It was a challenge to pare this post down to what it is, I have so many questions and concerns about the language of this bill. The scope of this government’s overreach is truly shocking when viewed with a wide lens. To the point that I’m unsure how to cover it all in a concise way. Denying special needs children access to the supports they need to attain an education in our province, the destruction of our public health services, budget 2020 and now this bill shows us that this government isn’t even trying to pretend to respect the people of Alberta anymore. With courts closed and/or severely restricted, there are few to no checks and balances in place to protect the people of Alberta from a government that has shown a pattern of disrespect for boundaries, ethics and even the Charter.

Stay safe, protect each other, keep records and for goodness sake, stay home.

Calamity out.

Trouble on the front lines Part 2

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Things are getting dicey here in Alberta lately, to such a degree that this past week saw the Alberta Medical Association file a lawsuit against the Government of Alberta claiming more than $250 Million in damages has already been incurred due to the Governments decision to tear up their contract with healthcare workers in February. The government followed up this unprecedented move by imposing healthcare cuts across the board and making sweeping changes to physicians billing codes which went into effect on April 1st, despite calls to walk back the planned cuts in the face of the COVID 19 pandemic.

AMA president Dr. Christine Molnar has made it clear that the government has left the AMA with few alternatives and is quoted as saying “We think that we’ve reached an impasse with the government, our relationship has never been at a lower point. It’s very important that there’s a method to resolve disputes between the government and Alberta Physicians, it’s unavoidable that there will be disputes. There needs to be a remedy and method to dissolve those disputes and that would be determined by a negotiated agreement, and if that fails, by binding arbitration with a third party, and that is what we’re seeking to achieve.”

The central argument of the suit is that the UCP has violated the charter rights of Alberta Physicians by ripping up their agreement with the AMA and imposing unilateral changes to physician compensation. The AMA is the exclusive bargaining representative for physicians in the province and by law Alberta’s doctors must have access to an independent, third party resolution process. These elements are necessary to protect meaningful collective bargaining, which is protected by our constitutional right to freedom of association.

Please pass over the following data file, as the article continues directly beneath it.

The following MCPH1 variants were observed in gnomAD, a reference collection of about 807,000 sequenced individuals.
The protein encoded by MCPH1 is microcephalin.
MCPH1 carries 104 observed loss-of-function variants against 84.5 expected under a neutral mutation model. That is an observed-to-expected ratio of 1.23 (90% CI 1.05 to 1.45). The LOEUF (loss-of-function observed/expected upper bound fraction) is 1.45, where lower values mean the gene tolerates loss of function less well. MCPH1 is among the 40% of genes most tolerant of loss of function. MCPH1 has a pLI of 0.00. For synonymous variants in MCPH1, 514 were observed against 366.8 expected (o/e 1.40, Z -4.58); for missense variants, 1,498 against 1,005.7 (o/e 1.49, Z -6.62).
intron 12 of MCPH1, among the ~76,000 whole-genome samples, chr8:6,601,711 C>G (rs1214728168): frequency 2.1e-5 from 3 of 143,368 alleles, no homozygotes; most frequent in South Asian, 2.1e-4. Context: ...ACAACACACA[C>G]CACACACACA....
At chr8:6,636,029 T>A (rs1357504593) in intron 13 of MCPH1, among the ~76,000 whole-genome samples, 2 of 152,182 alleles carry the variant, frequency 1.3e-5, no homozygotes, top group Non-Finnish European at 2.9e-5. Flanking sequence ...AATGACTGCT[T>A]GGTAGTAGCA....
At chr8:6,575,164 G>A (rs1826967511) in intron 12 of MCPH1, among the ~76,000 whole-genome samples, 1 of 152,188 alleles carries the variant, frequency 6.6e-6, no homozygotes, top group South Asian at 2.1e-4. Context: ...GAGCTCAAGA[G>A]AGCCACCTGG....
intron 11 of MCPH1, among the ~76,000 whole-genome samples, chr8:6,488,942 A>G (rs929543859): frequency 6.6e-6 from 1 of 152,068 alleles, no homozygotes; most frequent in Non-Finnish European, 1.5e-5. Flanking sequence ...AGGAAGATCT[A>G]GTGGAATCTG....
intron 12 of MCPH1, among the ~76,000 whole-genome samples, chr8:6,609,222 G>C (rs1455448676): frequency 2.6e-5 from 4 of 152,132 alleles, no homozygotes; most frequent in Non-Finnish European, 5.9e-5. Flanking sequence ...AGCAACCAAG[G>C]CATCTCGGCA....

Patrick Nugent, the Lawyer representing the doctors is quoted as saying that “The government has attacked the core of freedom of association, has affected the AMA’s status as exclusive representative and it has crippled the AMA’s ability to meaningfully bargain on behalf of physicians. So, in the current environment with no access to arbitration as a backstop the AMA has essentially been reduced to collective begging, not collective bargaining, and we say in the claim these are fundamental attacks on freedom of association.”

It is important to note that the AMA agreement was terminated by the Minister of Health on February 20th, after the AMA had agreed, in good faith, to extend the 90 day negotiating period. 9 days before the AMA would have been entitled to serve formal notice of Arbitration and 1 day prior to the AMA’s expressed intention to submit a proposal to the Minister. If the AMA hadn’t agreed to extend the negotiation period, they could have served the formal notice on February 11th. In a statement on the AMA website Dr. Molnar, President of the AMA says “The refusal to bring their information to an arbitrator shows disrespect to physicians and a lack of faith in their own information.”

Another matter of importance here is the fact that Bill 21, which was touted as a bill to protect patients from sexual abuse, gave the government the power to terminate the agreement, which the AMA tried to warn us about back when the UCP introduced the bill last fall. The Bill actually grants a whole host of outrageous powers to the health minister, including the ability to tell physicians where they can and cannot provide care and is based on an outdated and ineffective management tool that failed in BC, Quebec, Nova Scotia and New Brunswick. It has been noted that a billing number restriction system, which Shandro would like to impose here, is ineffective because it restricts the number of physicians practicing and restricts their mobility and recruitment. It has been credited with a net loss of physicians in rural areas and created physician shortages, costly legal battles and expensive recruitment campaigns in the provinces where it was tried and deemed a failure.

I am unsure how disrespecting and hamstringing an organization that has represented physicians and patients in Alberta for 114 years is meant to help Albertans, but I think it’s pretty clear that it makes undermining our public healthcare as a means to justify privatizing our public services easier.

Calamity out.

The slow poisoning of Alberta’s politics

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While many of us are struggling to keep up with the daily bombardment of bad decisions, power grabs and now sponsored ad content (hello Shopify) from our provincial government, it’s sometimes hard to remember that Jason Kenney isn’t where our trouble started. He’s a symptom of a bigger problem.